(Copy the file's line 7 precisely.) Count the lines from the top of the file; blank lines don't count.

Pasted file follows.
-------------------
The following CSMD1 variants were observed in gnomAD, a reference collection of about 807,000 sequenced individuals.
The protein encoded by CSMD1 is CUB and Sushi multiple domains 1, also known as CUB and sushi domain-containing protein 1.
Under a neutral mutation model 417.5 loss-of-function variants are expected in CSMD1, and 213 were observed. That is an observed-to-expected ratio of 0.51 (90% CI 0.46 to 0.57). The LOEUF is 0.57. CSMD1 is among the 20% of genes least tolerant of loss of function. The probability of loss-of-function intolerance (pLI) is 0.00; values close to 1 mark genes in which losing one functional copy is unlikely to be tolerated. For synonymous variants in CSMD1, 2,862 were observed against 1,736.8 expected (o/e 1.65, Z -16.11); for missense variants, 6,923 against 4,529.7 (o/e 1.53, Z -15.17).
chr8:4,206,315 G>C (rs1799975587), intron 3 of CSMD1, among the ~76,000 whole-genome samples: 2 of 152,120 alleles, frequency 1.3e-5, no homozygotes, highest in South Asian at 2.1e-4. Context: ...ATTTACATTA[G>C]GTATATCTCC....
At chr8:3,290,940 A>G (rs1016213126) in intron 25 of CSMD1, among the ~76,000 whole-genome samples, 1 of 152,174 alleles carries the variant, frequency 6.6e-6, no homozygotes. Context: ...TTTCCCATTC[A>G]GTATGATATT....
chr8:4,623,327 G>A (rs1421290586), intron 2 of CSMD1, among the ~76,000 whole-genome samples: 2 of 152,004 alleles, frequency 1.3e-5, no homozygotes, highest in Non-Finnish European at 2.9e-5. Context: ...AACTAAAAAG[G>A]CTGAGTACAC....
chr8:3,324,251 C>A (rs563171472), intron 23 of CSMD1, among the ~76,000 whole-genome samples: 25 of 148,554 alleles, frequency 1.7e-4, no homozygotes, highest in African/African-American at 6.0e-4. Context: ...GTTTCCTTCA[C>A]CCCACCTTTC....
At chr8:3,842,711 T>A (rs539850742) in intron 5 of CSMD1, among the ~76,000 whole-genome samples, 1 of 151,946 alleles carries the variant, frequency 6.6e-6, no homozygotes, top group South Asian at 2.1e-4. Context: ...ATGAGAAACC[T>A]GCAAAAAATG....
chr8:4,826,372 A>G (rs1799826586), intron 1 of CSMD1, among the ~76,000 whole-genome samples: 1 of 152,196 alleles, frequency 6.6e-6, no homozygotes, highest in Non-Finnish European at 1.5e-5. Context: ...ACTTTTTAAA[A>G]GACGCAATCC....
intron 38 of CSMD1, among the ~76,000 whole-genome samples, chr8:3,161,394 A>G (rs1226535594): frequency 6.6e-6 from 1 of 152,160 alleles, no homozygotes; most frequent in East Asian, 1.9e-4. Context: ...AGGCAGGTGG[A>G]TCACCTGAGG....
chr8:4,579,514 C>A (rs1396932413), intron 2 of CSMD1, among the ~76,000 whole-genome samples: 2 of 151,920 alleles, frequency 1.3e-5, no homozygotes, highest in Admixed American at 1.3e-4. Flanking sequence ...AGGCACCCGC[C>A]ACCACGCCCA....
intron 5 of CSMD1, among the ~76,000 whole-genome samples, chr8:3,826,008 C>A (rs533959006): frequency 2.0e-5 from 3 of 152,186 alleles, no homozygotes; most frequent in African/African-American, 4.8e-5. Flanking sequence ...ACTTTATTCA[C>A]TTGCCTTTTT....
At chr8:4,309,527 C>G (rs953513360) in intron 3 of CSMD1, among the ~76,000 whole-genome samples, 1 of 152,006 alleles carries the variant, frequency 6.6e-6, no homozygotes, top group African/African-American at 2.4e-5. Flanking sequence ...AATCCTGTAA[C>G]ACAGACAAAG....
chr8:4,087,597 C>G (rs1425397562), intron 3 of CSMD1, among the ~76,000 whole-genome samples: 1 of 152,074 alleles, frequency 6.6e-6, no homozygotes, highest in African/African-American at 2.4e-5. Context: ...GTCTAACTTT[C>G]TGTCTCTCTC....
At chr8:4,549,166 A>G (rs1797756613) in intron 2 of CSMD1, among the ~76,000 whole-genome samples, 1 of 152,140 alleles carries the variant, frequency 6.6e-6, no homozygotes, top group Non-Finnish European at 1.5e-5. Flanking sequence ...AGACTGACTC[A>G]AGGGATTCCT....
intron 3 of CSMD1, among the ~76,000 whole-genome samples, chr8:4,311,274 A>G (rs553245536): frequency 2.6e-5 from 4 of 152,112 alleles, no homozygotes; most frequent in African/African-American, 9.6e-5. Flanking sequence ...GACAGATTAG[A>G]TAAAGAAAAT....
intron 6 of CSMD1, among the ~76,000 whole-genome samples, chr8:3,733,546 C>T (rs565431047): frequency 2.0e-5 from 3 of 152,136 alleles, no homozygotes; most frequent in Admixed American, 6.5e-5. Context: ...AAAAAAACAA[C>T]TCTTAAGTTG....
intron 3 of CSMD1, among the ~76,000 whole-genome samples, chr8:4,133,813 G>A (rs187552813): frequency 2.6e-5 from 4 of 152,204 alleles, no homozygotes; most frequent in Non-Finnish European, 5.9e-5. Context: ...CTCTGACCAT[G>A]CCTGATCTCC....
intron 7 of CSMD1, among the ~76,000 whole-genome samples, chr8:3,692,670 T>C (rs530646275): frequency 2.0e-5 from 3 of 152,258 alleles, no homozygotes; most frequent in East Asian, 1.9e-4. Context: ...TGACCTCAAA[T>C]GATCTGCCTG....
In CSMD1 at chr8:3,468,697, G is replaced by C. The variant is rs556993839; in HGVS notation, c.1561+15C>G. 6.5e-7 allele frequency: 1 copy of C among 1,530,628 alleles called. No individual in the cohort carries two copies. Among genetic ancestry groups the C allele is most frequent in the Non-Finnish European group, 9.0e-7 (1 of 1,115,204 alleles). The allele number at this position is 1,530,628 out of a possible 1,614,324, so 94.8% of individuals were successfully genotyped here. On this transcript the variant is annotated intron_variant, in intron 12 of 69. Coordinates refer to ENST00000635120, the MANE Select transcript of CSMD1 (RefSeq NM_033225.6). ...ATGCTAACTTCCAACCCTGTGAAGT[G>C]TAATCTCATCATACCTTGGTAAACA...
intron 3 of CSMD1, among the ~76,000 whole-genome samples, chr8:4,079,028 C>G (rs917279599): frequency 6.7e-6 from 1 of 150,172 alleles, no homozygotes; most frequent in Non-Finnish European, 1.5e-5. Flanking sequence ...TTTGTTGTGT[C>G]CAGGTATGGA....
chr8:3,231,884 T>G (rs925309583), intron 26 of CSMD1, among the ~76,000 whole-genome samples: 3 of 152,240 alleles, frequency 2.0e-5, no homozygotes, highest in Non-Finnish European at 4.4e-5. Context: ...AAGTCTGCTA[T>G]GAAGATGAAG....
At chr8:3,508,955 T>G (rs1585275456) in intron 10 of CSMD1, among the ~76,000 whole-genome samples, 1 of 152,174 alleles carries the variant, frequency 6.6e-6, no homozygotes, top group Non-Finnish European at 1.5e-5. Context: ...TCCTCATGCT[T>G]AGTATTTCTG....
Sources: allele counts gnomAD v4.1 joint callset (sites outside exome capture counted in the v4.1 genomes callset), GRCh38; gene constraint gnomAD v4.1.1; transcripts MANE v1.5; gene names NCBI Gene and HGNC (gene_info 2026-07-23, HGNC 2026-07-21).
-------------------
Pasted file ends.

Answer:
chr8:3,324,251 C>A (rs563171472), intron 23 of CSMD1, among the ~76,000 whole-genome samples: 25 of 148,554 alleles, frequency 1.7e-4, no homozygotes, highest in African/African-American at 6.0e-4. Context: ...GTTTCCTTCA[C>A]CCCACCTTTC....